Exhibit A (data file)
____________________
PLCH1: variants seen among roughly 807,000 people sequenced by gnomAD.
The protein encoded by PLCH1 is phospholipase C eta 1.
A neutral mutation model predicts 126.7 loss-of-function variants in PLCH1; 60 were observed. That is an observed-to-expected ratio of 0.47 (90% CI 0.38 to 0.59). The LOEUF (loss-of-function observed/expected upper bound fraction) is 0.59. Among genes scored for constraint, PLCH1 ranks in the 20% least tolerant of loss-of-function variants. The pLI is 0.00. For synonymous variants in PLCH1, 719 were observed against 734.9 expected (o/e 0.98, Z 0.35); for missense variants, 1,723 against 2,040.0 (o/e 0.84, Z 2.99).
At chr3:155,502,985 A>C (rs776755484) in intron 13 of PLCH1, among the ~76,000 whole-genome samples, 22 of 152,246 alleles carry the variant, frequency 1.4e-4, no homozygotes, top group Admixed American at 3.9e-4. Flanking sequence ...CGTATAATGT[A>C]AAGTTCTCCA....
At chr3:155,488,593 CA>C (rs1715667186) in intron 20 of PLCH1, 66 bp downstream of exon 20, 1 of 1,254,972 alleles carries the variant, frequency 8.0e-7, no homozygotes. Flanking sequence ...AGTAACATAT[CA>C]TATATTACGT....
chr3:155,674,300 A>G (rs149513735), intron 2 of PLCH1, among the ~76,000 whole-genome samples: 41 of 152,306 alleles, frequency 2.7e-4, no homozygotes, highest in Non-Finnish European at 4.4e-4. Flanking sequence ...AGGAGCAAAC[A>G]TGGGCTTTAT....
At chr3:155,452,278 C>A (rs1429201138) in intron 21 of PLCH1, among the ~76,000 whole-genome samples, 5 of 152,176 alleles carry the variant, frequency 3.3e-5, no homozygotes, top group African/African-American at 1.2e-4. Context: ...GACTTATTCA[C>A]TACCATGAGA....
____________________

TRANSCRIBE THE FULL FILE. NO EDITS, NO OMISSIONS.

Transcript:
PLCH1: variants seen among roughly 807,000 people sequenced by gnomAD.
The protein encoded by PLCH1 is phospholipase C eta 1.
A neutral mutation model predicts 126.7 loss-of-function variants in PLCH1; 60 were observed. That is an observed-to-expected ratio of 0.47 (90% CI 0.38 to 0.59). The LOEUF (loss-of-function observed/expected upper bound fraction) is 0.59. Among genes scored for constraint, PLCH1 ranks in the 20% least tolerant of loss-of-function variants. The pLI is 0.00. For synonymous variants in PLCH1, 719 were observed against 734.9 expected (o/e 0.98, Z 0.35); for missense variants, 1,723 against 2,040.0 (o/e 0.84, Z 2.99).
At chr3:155,502,985 A>C (rs776755484) in intron 13 of PLCH1, among the ~76,000 whole-genome samples, 22 of 152,246 alleles carry the variant, frequency 1.4e-4, no homozygotes, top group Admixed American at 3.9e-4. Flanking sequence ...CGTATAATGT[A>C]AAGTTCTCCA....
At chr3:155,488,593 CA>C (rs1715667186) in intron 20 of PLCH1, 66 bp downstream of exon 20, 1 of 1,254,972 alleles carries the variant, frequency 8.0e-7, no homozygotes. Flanking sequence ...AGTAACATAT[CA>C]TATATTACGT....
chr3:155,674,300 A>G (rs149513735), intron 2 of PLCH1, among the ~76,000 whole-genome samples: 41 of 152,306 alleles, frequency 2.7e-4, no homozygotes, highest in Non-Finnish European at 4.4e-4. Flanking sequence ...AGGAGCAAAC[A>G]TGGGCTTTAT....
At chr3:155,452,278 C>A (rs1429201138) in intron 21 of PLCH1, among the ~76,000 whole-genome samples, 5 of 152,176 alleles carry the variant, frequency 3.3e-5, no homozygotes, top group African/African-American at 1.2e-4. Context: ...GACTTATTCA[C>A]TACCATGAGA....